As they approach retirement, many members of the “Me Generation” aren’t ready to slow down, even if their bodies are. Foot and ankle surgeons say baby boomers are more likely than previous generations to seek care when arthritis develops in their toes, feet and ankles.
“Unlike their parents, baby boomers do not accept foot pain as a natural part of aging,” says John Giurini, DPM, a Boston foot and ankle surgeon and president of the 6,000-member American College of Foot and Ankle Surgeons (ACFAS). “When conservative treatments fail, they want to know what other options exist.”
After they’re diagnosed, many boomers hold high expectations for treatment. They may look forward to playing sports or to running again. While there is no fountain of youth for a degenerative condition like arthritis, there are more medical options available than ever before.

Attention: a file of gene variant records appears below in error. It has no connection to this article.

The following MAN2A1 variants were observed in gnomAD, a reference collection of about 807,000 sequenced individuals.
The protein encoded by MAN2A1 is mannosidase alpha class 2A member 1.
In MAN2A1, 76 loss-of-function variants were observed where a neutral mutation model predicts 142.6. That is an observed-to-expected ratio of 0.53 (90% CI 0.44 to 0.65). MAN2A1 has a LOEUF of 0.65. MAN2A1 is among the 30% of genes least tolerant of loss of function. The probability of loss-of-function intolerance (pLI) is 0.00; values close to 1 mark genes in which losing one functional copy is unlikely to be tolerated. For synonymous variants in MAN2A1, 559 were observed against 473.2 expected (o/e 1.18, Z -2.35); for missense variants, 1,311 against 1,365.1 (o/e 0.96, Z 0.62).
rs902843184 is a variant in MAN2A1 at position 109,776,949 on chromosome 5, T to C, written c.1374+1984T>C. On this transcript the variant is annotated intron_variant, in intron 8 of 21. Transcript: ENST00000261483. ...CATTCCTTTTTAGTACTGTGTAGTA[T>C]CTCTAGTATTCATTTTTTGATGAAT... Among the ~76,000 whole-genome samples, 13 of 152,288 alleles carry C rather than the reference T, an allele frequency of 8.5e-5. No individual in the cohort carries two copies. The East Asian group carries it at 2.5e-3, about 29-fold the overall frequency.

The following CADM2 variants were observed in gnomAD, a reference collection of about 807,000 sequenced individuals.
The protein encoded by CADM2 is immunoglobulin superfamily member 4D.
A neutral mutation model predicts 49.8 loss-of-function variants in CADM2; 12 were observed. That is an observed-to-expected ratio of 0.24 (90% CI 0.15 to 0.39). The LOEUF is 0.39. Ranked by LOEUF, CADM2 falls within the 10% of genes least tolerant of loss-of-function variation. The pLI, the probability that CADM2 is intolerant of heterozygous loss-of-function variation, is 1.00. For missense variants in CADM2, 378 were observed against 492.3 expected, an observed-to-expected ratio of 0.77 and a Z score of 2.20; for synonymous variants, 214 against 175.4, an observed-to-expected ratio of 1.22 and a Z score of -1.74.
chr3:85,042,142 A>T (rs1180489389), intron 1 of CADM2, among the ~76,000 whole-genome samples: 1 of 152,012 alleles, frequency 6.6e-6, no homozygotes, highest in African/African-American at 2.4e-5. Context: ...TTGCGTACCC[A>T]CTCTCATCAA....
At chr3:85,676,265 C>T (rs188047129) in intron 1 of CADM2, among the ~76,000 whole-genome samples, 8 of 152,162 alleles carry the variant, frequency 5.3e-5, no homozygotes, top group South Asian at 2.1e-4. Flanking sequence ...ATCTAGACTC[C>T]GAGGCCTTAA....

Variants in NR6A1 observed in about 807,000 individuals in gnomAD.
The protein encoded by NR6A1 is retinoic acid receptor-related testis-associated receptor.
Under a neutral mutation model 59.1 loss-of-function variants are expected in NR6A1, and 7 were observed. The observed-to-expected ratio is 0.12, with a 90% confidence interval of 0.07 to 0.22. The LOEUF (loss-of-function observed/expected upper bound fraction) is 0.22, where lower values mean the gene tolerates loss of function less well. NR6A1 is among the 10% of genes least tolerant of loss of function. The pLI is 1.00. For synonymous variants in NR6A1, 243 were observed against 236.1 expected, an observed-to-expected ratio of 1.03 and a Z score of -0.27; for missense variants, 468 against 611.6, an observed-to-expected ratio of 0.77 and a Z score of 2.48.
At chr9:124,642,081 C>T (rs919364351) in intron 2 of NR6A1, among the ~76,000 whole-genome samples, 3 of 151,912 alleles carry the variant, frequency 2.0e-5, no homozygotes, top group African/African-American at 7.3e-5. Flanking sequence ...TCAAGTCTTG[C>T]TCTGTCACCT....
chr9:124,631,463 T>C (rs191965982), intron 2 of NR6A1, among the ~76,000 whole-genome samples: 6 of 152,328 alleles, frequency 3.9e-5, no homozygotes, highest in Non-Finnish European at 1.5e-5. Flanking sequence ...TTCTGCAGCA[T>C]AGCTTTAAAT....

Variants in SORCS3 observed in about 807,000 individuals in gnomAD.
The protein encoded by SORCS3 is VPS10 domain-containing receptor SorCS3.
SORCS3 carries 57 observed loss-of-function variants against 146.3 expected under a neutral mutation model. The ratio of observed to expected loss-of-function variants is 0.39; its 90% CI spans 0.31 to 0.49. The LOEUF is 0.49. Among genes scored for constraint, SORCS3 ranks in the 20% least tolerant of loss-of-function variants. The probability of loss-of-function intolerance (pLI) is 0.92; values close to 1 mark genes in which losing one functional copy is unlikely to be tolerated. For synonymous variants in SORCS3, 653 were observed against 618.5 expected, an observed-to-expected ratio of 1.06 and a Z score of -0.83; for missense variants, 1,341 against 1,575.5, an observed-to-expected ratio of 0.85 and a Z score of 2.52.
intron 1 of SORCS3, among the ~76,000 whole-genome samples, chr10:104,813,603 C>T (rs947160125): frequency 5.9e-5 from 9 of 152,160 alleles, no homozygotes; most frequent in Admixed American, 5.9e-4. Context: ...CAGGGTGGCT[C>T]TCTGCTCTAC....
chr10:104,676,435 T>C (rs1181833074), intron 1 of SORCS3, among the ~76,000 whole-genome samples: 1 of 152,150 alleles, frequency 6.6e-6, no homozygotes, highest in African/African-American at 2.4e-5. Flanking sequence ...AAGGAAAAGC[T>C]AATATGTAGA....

The big toe joint is the most common part of the foot to develop osteoarthritis, according to FootPhysicians.com. For boomers with early-stage arthritis in this joint, modern surgical procedures may provide more pain relief and increased joint movement.
Boomers with advanced and severe arthritis may need to have the joint fused or replaced. Now, stronger screws and hardware are helping fusions last longer, while slashing recovery times. A new generation of big toe joint replacements also shows promise.
Ankles are another prime spot for arthritis. Innovative surgical techniques allow foot and ankle surgeons to transplant small plugs of cartilage from one part of the ankle to another in some patients, slowing joint deterioration.
Ankle replacements, however, are not as durable as hip and knee replacements. The ankle is a more challenging joint to replace. It’s smaller and moves in multiple directions. But better and promising ankle implants are hitting the market.
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For more information on osteoarthritis of the foot and ankle